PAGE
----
UPDATE (11:00 p.m.) -- Matthew lurks off the southwestern tip of Haiti late Monday night, with highest winds near the eye increased to 145 mph. It remains a major Category 4 storm.
MIDWAY, Fla. (WTXL) -- Hurricane Matthew is set to lash out at parts of Cuba and Haiti tonight and Tuesday with monumental rain amounts and devastating wind gusts.
The center of Matthew was about 200 miles southwest of Port au Prince, Haiti, moving north at 6 mph, with peak wind speeds of 140 mph.
Matthew is a major Category 4 hurricane on the Saffir-Simpson Scale of hurricane wind force. Sustained winds of 74 mph or higher extend about 35 miles from the center, while tropical-storm-force winds stretch up to 185 miles from the center.
Rainfall amounts may easily exceed 15 to 20 inches, with isolated totals approaching 40 inches in parts of Haiti and the Dominican Republic, which may trigger mudslides and flash flooding in these areas.
The hurricane is forecast to continue on a northerly path through the next few days, impacting islands in the Bahamas by midweek. While the center of Hurricane Matthew is depicted to remain offshore, the storm will parallel the Southeast coast of the United States, causing at least higher surf and an increase in rip currents along the Florida Atlantic shore.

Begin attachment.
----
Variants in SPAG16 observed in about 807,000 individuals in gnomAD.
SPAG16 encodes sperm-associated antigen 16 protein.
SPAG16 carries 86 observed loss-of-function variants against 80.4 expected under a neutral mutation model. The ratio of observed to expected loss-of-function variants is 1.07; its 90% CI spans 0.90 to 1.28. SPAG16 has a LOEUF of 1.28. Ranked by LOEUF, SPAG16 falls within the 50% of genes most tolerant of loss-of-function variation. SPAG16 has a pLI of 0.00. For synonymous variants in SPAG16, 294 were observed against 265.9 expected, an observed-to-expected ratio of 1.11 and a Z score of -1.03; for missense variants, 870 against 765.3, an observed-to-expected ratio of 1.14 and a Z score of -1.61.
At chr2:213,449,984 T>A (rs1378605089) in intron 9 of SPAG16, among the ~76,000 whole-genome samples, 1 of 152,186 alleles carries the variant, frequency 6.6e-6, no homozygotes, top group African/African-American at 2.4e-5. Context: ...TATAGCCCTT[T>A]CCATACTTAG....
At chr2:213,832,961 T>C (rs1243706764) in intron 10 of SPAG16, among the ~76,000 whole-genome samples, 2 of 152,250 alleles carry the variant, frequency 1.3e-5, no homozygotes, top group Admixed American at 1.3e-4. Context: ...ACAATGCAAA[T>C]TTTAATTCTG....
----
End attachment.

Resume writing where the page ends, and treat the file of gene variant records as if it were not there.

A closer approach to the east coast may enhance these features, as well as cause gusty, squally conditions along the beaches of Florida and Georgia, depending on how close the storm moves.
Matthew is forecast to eventually curve to the northeast by the weekend, but questions remain as far as when that turn occurs and how much of the U.S. mainland can be impacted by a closer move by the hurricane. It is forecast to be weaker than its current form, as the upper-level winds would effect the structure of the storm.
In the Big Bend, side effects are possible in the forms of a gentle breeze in the Suwannee Valley, and broader cloud coverage and occasional rain possible Thursday or Friday east of Interstate 75. More likely, a drier trend will be in place for the remainder of the local region, with warm afternoons to conclude the work week.